January 27th, 2012 | Xinhua Commentary: A top-level visit to enhance China-Africa friendship amid growing interdependence
As another manifestation of the growing importance of the time-honored ties between China and Africa, Beijing on Friday set in motion another top-level visit to the rising continent.
During his goodwill visit to Ethiopia, top Chinese political adviser Jia Qinglin will address the opening session of the annual African Union (AU) summit and attend a ceremony to inaugurate the new AU headquarters.
The building complex of the AU headquarters, which is constructed with Chinese assistance, is not only a new landmark in Addis Ababa but also the latest landmark in the long friendship between China and Africa.
Despite the ever-changing global situation and the current financial woes, China-Africa ties have remained strong as both sides view each other as crucial to their own development and prosperity.
A good indicator of how important China and Africa are to each other is their booming economic and trade cooperation, which serves as a mainstay of and a major driving force behind their overall bilateral relations.
During the first three quarters of 2011, trade volume between China and African countries reached 122.2 billion U.S. dollars, representing a 30-percent increase year on year.
Meanwhile, China’s non-financial direct investment in the continent registered a 87-percent increase to reach 1.08 billion dollars.
The growing interdependence between China and Africa is reflected in the mutual need for each other as an indispensable market. China’s products and technology meet the needs of Africa’s development, while the Chinese market welcomes African products.
Moreover, the rapid development of China, the world’s biggest developing country, provides valuable experience for Africa, the continent with the largest number of developing countries.
What is more significant is that China not only facilitates Africa’s development, but also contributes to strengthening Africa’s own capacity for development by helping countries on the continent build various essential infrastructure.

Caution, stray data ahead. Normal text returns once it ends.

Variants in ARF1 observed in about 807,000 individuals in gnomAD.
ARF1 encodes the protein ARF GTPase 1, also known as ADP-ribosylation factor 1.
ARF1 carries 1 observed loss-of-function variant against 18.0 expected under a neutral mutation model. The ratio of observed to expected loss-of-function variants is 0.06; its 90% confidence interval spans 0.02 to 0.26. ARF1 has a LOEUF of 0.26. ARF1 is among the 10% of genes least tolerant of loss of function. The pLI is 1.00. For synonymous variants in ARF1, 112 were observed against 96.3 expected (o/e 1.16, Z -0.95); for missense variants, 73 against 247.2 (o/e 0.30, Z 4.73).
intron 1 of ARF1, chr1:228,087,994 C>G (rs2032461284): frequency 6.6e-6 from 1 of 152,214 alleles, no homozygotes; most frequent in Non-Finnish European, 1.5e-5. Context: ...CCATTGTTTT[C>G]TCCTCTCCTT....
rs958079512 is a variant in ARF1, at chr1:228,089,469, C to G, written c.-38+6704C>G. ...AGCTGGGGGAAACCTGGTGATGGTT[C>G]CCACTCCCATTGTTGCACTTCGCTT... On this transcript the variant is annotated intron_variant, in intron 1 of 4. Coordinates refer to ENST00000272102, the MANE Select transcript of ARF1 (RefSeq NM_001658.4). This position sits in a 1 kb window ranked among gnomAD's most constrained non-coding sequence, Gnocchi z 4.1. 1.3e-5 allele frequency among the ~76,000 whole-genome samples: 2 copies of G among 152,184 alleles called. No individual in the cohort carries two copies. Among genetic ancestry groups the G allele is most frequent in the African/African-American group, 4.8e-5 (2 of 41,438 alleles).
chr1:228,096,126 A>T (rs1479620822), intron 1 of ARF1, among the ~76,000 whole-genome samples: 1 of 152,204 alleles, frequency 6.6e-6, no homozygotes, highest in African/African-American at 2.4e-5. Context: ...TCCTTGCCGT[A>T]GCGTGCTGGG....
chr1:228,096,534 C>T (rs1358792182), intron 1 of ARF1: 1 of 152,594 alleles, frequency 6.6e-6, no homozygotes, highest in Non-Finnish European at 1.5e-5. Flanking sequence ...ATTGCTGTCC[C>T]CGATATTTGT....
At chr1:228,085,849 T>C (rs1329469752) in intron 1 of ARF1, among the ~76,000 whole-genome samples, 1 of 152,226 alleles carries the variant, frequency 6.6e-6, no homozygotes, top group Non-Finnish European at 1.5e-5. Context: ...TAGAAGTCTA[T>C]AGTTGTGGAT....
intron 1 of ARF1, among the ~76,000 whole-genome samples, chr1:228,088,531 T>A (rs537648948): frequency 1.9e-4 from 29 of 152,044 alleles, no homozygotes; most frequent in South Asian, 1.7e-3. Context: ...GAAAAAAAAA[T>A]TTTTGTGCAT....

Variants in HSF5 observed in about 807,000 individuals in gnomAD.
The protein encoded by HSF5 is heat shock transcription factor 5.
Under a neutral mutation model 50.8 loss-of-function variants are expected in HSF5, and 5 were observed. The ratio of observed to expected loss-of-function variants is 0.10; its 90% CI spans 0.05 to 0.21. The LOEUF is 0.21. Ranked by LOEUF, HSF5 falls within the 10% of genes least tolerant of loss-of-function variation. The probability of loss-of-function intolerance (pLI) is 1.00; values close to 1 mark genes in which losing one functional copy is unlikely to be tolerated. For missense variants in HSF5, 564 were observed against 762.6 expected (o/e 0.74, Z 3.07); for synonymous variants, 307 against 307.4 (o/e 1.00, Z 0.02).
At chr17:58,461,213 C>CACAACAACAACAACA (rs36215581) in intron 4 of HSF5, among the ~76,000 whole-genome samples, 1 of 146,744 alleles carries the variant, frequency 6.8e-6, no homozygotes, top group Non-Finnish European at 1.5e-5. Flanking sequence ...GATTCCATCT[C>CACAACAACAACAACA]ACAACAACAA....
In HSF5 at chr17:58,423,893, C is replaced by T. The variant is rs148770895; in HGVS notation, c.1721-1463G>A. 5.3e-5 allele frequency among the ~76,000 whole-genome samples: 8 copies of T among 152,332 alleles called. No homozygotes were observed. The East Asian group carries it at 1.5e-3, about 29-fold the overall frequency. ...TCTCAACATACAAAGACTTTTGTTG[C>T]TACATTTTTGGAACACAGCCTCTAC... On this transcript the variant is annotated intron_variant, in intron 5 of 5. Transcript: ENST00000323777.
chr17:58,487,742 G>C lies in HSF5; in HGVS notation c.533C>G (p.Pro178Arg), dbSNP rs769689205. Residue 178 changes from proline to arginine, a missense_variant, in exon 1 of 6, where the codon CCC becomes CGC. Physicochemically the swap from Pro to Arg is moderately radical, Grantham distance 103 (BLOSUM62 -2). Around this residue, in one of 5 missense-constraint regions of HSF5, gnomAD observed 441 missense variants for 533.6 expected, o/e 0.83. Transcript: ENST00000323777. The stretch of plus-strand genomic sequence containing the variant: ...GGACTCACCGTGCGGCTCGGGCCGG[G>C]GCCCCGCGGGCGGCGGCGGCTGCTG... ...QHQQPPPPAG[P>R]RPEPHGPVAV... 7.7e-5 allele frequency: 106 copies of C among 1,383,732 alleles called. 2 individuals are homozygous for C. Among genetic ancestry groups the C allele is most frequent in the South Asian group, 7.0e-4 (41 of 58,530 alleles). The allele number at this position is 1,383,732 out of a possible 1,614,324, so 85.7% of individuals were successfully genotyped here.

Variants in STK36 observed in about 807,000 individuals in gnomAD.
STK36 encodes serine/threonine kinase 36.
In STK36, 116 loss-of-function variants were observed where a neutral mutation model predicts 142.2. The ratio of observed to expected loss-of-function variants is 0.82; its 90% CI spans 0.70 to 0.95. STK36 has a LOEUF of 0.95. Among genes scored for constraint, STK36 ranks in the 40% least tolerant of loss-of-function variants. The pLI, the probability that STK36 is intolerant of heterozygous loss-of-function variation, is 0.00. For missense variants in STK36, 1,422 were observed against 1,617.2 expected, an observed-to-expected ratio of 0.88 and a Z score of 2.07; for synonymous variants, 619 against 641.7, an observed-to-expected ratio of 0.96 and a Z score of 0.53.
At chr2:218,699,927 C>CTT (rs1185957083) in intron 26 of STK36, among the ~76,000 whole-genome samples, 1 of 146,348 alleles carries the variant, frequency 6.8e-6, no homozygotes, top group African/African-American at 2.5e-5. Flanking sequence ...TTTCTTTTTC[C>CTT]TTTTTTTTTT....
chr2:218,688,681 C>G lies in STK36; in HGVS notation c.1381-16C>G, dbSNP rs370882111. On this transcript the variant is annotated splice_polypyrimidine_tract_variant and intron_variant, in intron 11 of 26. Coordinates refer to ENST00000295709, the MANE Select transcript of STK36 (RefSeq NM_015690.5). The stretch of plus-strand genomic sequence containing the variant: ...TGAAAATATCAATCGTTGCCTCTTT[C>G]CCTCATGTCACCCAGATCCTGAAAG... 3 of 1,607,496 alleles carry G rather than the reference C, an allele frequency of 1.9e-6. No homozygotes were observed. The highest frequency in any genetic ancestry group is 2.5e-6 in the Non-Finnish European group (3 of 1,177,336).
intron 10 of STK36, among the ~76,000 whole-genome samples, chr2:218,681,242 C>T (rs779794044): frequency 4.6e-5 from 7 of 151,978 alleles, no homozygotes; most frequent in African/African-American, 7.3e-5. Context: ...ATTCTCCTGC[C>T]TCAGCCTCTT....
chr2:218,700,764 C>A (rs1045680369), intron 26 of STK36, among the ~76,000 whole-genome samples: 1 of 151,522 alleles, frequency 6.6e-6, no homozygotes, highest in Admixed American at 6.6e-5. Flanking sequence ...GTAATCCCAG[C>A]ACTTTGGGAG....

Underlying the thriving economic and trade cooperation is a profound affinity forged by mutual support and trust that go back a long way as both sides have always respected each other’s core interests.
As an example of that affinity, nearly all 53 African countries adhere to the one-China policy.
On the Chinese side, Beijing has arranged numerous top-level visits to Africa. Chinese President Hu Jintao has toured Africa four times since taking office in 2003, more than the combined number of visits paid by former US President George W. Bush and incumbent President Barack Obama.
And since 1991, the Chinese foreign minister’s first foreign visit every year has always been to Africa. This year, Chinese Foreign Minister Yang Jiechi’s first visit from Jan. 2 to 7 was also to African countries, namely Cote d’Ivoire, Niger and Namibia.
However, some media and pundits have alleged China’s engagement with Africa is nothing more than a selfish quest for resources. Some have even branded China’s presence in Africa as neocolonialism, regardless of the fact that the bilateral relationship is mutually beneficial and that Beijing attaches equal importance to all African partners, regardless of whether they are rich or poor in natural resources.
Jia’s visit to Ethiopia serves as another example of this as Ethiopia is not rich in resources.
Just as Foreign Ministry spokesman Liu Weimin said a week earlier, China’s energy cooperation with Africa should be fairly and objectively evaluated as it fully adheres to international practices and market rules and has effectively promoted African countries’ economic and social development and brought substantial benefits to the African people.
China has been committed to developing economic and trade relations with Africa on the basis of equality, mutual benefit and common development, Liu said, adding that energy cooperation with Africa is neither the sole content of China-Africa cooperation nor the starting point of China’s policy toward Africa.
Actions speak louder than words. In countries like Angola, Nigeria, Ethiopia and Sudan, China has been working hard to provide much-needed development assistance, using its own physical and intellectual resources.
Not only has China completed numerous vital infrastructure projects for African countries, it has also trained tens of thousands of skilled workers for them to sustain their comprehensive development.
Moreover, Africa’s modernization and the future of the Chinese economy are inseparable as Africa’s modernization boosts China’s manufacturing and construction industry, while China’s engagement promotes Africa’s rapid modernization.